Lingerie giant Victoria’s Secret follows growing trend, adopts new policy on controversial wood-based fabrics

Rainforest Action Network commends popular brand, and its parent company L Brands, for joining leading fashion companies in addressing deforestation and human rights abuses for fashion


CONTACT: Emma Rae Lierley,, +1 425.281.1989

San Francisco – On the heels of an announcement by the Ralph Lauren Corporation, L Brands––the parent company of fashion house Victoria’s Secret, among others––has published a new policy on the use of popular but controversial wood-based fabrics, like rayon, viscose and modal. L Brands has committed to tracing the source of wood-based fabrics used in its clothing lines and to eliminate sources connected to the destruction of rainforests and the violation of human rights.

This new policy will apply to L Brands extensive operations, including popular lingerie brand Victoria’s Secret. L Brands joins a growing list of fashion companies attempting to address deforestation and human rights abuses in their supply chains, but it follows fashion giant Ralph Lauren as one of a few major US-based companies to address the issue.

L Brands’ policy and actions on wood-based fabrics were developed in cooperation with Rainforest Action Network (RAN), whose “Out of Fashion” campaign has been bringing attention to the risks that controversial wood-based fabrics pose to endangered forests and human rights in Indonesia and elsewhere.

“The world’s rainforests have been cleared for fashion for decades. Indigenous communities in North Sumatra, Indonesia, and elsewhere have been fighting against land-grabbing and other human rights abuses as pulp plantations for fabric have steadily expanded onto their traditional lands. The production of wood-based fabrics at the expense of rainforest and human rights needs to stop,” said Brihannala Morgan, Senior Forest Campaigner with Rainforest Action Network (RAN), who worked with L Brands on the creation of its policy. “It’s encouraging to see brands beginning to take responsibility for their supply chains. L Brands’ commitments and actions, following right behind Ralph Lauren and among more than 60 other brands who have developed policies, can have a real positive impact for forests and the people that depend on them.”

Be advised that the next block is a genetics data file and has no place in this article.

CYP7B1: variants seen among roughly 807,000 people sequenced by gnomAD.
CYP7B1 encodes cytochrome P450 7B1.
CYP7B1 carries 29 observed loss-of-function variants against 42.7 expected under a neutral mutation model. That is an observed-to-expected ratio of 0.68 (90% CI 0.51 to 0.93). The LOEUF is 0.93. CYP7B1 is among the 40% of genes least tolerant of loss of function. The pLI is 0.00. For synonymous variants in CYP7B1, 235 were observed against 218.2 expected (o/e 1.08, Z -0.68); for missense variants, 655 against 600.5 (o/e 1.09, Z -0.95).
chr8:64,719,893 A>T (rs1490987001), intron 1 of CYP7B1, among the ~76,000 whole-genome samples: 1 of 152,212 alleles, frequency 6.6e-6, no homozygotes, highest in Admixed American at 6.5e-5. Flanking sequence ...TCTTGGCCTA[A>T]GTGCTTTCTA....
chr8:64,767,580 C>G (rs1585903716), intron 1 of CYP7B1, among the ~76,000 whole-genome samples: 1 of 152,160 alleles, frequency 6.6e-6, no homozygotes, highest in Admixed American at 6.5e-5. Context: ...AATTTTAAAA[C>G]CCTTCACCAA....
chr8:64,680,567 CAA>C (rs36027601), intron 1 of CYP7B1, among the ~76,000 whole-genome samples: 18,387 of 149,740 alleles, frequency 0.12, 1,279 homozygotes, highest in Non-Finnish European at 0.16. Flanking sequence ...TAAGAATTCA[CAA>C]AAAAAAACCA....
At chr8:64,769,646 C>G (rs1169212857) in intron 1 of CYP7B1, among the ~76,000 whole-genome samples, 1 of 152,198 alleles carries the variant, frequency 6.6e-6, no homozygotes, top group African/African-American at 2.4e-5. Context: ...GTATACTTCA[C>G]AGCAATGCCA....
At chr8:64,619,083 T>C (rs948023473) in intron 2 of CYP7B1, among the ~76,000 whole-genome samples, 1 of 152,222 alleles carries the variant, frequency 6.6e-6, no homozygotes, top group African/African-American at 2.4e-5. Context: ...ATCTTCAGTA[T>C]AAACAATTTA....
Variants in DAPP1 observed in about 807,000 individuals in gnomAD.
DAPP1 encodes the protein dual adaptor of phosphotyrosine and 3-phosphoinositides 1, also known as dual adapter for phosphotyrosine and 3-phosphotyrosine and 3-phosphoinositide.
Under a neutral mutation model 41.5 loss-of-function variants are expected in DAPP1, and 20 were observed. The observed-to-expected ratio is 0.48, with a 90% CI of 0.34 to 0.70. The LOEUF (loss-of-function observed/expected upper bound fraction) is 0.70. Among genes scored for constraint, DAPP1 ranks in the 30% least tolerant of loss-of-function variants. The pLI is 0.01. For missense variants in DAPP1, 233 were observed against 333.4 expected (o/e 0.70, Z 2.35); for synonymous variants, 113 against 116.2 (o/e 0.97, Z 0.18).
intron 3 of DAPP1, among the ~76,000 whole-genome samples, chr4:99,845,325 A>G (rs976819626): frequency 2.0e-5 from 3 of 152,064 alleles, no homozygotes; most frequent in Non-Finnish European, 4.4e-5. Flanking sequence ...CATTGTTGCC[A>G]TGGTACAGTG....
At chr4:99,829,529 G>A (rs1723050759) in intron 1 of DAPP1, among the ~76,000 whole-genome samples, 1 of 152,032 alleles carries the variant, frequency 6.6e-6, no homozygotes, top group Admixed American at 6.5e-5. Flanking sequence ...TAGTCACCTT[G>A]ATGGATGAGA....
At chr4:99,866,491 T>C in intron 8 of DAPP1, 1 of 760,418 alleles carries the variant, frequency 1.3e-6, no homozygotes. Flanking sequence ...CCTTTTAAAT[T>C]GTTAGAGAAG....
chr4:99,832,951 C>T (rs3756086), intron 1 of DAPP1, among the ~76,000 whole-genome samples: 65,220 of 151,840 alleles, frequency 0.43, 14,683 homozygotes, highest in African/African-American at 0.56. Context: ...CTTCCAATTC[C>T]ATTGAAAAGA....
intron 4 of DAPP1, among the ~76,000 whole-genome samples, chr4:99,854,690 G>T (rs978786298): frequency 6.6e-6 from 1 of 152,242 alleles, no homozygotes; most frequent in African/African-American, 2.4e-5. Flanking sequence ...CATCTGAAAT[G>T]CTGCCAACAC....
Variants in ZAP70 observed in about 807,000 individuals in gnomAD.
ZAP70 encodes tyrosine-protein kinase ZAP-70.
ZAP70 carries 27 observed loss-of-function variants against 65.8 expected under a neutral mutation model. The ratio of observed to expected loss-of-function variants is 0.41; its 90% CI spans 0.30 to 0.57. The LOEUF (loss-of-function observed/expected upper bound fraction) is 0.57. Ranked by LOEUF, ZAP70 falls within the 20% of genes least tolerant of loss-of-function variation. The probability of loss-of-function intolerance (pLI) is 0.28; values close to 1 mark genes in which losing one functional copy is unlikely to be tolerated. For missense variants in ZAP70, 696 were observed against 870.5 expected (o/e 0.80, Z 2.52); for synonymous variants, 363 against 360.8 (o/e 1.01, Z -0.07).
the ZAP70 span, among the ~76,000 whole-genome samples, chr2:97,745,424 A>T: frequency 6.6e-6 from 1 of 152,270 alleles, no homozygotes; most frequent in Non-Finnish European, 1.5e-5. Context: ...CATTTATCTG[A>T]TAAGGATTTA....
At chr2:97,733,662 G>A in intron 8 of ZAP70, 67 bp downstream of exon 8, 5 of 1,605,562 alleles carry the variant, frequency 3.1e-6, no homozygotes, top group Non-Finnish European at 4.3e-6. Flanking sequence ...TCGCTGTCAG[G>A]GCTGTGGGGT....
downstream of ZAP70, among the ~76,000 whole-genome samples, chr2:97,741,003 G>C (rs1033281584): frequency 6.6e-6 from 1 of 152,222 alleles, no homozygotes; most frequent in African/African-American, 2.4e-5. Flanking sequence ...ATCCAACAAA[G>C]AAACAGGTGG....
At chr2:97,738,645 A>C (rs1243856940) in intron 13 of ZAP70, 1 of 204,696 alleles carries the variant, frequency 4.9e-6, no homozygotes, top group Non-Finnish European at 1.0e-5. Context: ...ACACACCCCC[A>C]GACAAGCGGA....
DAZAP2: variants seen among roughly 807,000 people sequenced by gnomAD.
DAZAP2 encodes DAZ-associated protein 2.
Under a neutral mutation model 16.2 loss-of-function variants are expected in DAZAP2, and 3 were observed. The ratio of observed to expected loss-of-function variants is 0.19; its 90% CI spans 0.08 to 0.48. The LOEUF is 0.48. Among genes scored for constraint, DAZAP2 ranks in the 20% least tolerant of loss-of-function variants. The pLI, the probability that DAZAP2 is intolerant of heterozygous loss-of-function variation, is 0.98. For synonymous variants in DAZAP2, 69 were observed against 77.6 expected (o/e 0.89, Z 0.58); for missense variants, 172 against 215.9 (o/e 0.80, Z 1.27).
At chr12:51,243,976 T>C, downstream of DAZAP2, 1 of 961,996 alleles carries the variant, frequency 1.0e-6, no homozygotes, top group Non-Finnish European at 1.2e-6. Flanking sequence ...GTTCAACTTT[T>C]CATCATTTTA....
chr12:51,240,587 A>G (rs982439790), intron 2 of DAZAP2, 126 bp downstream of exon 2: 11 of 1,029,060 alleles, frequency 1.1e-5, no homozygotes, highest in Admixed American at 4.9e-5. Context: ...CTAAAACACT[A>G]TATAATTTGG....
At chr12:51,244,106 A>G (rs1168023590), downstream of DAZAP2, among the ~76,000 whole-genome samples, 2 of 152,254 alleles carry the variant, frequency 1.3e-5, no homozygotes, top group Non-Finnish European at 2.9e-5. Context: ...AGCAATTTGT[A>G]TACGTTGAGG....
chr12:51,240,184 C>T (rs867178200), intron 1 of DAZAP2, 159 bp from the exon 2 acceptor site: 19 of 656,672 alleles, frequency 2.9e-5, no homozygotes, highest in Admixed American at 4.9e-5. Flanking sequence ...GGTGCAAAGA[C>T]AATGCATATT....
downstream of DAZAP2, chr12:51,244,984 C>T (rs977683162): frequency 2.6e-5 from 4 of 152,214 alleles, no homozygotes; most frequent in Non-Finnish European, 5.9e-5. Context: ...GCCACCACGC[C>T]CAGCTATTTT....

L Brands joins leading brands, like Ralph Lauren, H&M, Zara, Stella McCartney, ASOS, Levis Strauss & Co. and others that have already adopted forest products purchasing policies and moved to source more responsibly in order to slow the rate at which the world’s remaining endangered and ancient forests are being pulped for fabrics like rayon, modal and viscose.

L Brands’ new policy reinforces a strong market signal to producers in countries like Indonesia, where the production of pulp for fabrics has been devastating to Indigenous and forest-dependent communities. Land-grabbing is common place; just in the area controlled by Toba Pulp Lestari, a forest products company in Northern Sumatra, Indonesia, over 20 distinct cases of land conflict have been documented where indigenous community-owned land have been cleared without the consent of communities and their traditional forests have been clear-cut for plantations to make pulp for fabric production.

Over the course of its Out of Fashion campaign, RAN encouraged its membership and consumers to write to L Brands and other “Fashion 15” brands to call attention to the environmental and social impacts of forest-based fabrics and to ask the companies to take immediate action. RAN’s Out of Fashion campaign is now calling on other brands including Abercrombie & Fitch, Michael Kors, Guess, Forever 21, Under Armour and Footlocker to also develop robust purchasing policies, research their supply chains, identify and eliminate controversial sources and implement time bound plans to ensure that loss of forests and violations of human rights are not in their supply chains.

For more information on dissolving pulp and RAN’s Out of Fashion campaign, see here.